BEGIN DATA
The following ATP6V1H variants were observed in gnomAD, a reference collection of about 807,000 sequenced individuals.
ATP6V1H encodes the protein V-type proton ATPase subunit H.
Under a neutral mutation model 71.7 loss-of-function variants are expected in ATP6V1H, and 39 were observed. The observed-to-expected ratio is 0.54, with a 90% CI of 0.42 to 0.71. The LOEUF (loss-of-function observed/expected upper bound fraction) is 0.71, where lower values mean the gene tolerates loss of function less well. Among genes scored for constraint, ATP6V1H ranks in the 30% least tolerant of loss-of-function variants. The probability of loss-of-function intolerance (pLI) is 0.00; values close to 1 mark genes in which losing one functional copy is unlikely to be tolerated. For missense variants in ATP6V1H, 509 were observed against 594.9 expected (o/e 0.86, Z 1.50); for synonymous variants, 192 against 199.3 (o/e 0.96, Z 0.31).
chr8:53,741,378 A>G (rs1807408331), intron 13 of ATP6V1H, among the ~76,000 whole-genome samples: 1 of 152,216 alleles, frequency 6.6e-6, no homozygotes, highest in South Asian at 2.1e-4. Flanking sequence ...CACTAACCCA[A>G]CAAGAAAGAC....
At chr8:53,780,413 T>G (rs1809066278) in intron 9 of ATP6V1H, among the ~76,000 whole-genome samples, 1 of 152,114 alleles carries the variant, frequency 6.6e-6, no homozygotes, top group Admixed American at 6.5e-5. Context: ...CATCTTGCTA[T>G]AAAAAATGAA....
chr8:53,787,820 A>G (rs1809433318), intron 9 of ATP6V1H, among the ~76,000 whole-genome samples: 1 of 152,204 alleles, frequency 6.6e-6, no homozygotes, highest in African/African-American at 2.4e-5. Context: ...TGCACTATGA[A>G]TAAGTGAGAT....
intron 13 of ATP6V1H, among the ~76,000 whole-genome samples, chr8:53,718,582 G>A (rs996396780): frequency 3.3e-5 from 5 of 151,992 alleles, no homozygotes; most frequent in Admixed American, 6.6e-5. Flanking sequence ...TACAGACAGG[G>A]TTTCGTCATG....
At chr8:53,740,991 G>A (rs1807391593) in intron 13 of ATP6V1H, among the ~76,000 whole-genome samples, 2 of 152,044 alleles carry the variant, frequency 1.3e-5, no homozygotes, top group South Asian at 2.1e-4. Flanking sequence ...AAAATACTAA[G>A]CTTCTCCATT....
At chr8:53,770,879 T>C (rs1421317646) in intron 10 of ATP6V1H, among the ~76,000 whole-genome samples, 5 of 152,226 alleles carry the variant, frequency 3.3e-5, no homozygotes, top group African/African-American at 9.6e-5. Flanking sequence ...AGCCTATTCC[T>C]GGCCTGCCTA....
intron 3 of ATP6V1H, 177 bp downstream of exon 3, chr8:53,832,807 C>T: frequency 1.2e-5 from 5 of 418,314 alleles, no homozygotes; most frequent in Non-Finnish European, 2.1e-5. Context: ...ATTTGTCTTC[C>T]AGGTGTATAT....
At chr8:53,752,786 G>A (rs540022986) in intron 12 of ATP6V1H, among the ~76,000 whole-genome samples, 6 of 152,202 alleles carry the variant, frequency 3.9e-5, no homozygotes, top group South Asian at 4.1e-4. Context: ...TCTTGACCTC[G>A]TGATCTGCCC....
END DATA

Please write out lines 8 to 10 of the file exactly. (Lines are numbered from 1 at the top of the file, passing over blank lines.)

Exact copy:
At chr8:53,740,991 G>A (rs1807391593) in intron 13 of ATP6V1H, among the ~76,000 whole-genome samples, 2 of 152,044 alleles carry the variant, frequency 1.3e-5, no homozygotes, top group South Asian at 2.1e-4. Flanking sequence ...AAAATACTAA[G>A]CTTCTCCATT....
At chr8:53,770,879 T>C (rs1421317646) in intron 10 of ATP6V1H, among the ~76,000 whole-genome samples, 5 of 152,226 alleles carry the variant, frequency 3.3e-5, no homozygotes, top group African/African-American at 9.6e-5. Flanking sequence ...AGCCTATTCC[T>C]GGCCTGCCTA....
intron 3 of ATP6V1H, 177 bp downstream of exon 3, chr8:53,832,807 C>T: frequency 1.2e-5 from 5 of 418,314 alleles, no homozygotes; most frequent in Non-Finnish European, 2.1e-5. Context: ...ATTTGTCTTC[C>T]AGGTGTATAT....